A quarterback at No. 2 would immediately put the Jets on the rookie-contract plan. Zach Wilson or Justin Fields would only account for $7-9 million in cap space over the first four seasons, which obviously allows much more room under the salary cap to align the rest of the roster correctly. Considering how critical the position is, a quarterback at No. 2 remains the most likely option—as long as Douglas is comfortable enough with one of the two prospects.
The second option is a non-quarterback. This would mean Oregon tackle Penei Sewell or the man of the moment, Smith. The third and final option would have Douglas trading down. New York would collect more draft capital and work on gaining depth and building the trenches Douglas holds so close to his football heart.
Option No. 1 (draft a quarterback) and No. 3 (trade down) make sense. Each line with Douglas’s vision. Sewell also makes sense. Smith does not.
A receiver at No. 2 simply doesn’t move the development needle to the same degree as the other options.
Remember, the goal is development. The objective is to create an environment that maximizes each player’s development ceiling. Smith, as talented as he is, doesn’t get that done nearly to the same degree a quarterback, Sewell or a trade-down scenario would.
Offensive line play drives total offense in the NFL. It’s that simple. A quick glance at the playoff teams makes that thought a certainty. Of PFF’s top 14-rated offensive line units in 2020, only four did not make the playoffs. They were the New England Patriots (No. 4), San Francisco 49ers (No. 9), Arizona Cardinals (No. 12) and Detriot Lions (No. 13). The four playoff teams that fell outside of the top 14 are the Tennessee Titans (No. 15), Baltimore Ravens (No. 16), Pittsburgh Steelers (No. 17) and Chicago Bears (No. 20).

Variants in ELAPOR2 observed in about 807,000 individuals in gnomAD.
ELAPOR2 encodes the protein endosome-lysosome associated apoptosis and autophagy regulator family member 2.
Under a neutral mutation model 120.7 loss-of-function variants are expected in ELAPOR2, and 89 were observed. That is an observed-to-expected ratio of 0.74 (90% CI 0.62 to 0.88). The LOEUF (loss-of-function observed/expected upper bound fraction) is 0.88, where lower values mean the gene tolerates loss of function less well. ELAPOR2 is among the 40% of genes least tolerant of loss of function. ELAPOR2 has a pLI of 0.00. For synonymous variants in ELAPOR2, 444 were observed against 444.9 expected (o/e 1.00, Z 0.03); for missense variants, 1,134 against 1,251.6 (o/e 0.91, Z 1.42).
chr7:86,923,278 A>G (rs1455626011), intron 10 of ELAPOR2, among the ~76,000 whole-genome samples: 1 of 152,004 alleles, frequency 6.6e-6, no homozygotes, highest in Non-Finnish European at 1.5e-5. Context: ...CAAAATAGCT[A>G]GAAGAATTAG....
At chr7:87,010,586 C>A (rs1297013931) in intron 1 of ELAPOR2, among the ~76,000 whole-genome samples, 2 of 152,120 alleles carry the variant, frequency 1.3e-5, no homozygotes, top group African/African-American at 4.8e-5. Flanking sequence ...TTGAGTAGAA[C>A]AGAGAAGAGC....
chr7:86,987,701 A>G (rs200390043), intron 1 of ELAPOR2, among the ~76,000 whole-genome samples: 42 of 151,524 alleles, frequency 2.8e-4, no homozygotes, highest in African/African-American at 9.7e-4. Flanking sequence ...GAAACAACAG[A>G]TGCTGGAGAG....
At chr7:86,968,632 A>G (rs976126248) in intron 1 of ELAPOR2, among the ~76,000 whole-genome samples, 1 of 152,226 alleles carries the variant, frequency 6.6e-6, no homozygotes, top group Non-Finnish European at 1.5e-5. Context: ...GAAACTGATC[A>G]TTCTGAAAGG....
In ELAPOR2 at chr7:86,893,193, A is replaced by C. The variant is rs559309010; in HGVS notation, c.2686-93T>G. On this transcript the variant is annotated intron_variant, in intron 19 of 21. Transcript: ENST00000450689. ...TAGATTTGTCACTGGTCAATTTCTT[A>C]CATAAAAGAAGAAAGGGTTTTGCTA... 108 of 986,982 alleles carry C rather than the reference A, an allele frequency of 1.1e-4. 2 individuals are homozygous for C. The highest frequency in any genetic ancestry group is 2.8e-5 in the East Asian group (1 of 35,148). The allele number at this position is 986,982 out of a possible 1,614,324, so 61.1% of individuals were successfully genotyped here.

The Jets finished 29th, and even with Mekhi Becton in tow, nothing upfront has been truly solved. Becton’s rookie-year injuries have to be considered no matter how dominant the kid played this past season.
The wide receiver unit and player rankings don’t correlate to winning to nearly the same degree as the offensive line does. For instance, the Minnesota Vikings saw two receivers finish in the top six—rookie Justin Jefferson (No. 2) and veteran Adam Thielen (No. 6). Julio Jones finished ninth as part of a horrid Atlanta Falcons team, while Houston Texans’ Will Fuller came in at No. 10.
Additionally, Smith’s three-touchdown, 200-plus-yard first-half performance Monday night wasn’t all that impressive. (It’s amazing but true.) It has nothing to do with the kid, himself. It instead deals with the state of the sport. Ohio State’s defense played as if they were taking on the Greatest Show on Turf. Offense came so naturally to Alabama that even Smith’s outrageous numbers didn’t feel that all impressive.
The wild-card in a possible Smith-at-No. 2-move is how Douglas feels about the kid’s character. Only if Smith’s character and work ethic are so impressive will Douglas even consider a wideout in that spot. And even in that case, it’s doubtful Smith’s last collegiate performance will impact the Jets’ overall draft strategy.
In the end, the roster just isn’t there yet. Offensive line, edge rusher, cornerback and, of course, quarterback take precedence over wide receiver—no matter how tempting it may be to snag a highlight-ready machine.
By understanding Joe Douglas’s first-day words and team-building vision, it becomes clear that DeVonta Smith at No. 2 probably shouldn’t be big-time consideration at this point. A quarterback is needed, the offensive line still needs work, a couple of edge rushers are required, and cornerbacks need to be found. Wide receiver is necessary, but not at No. 2. Not yet.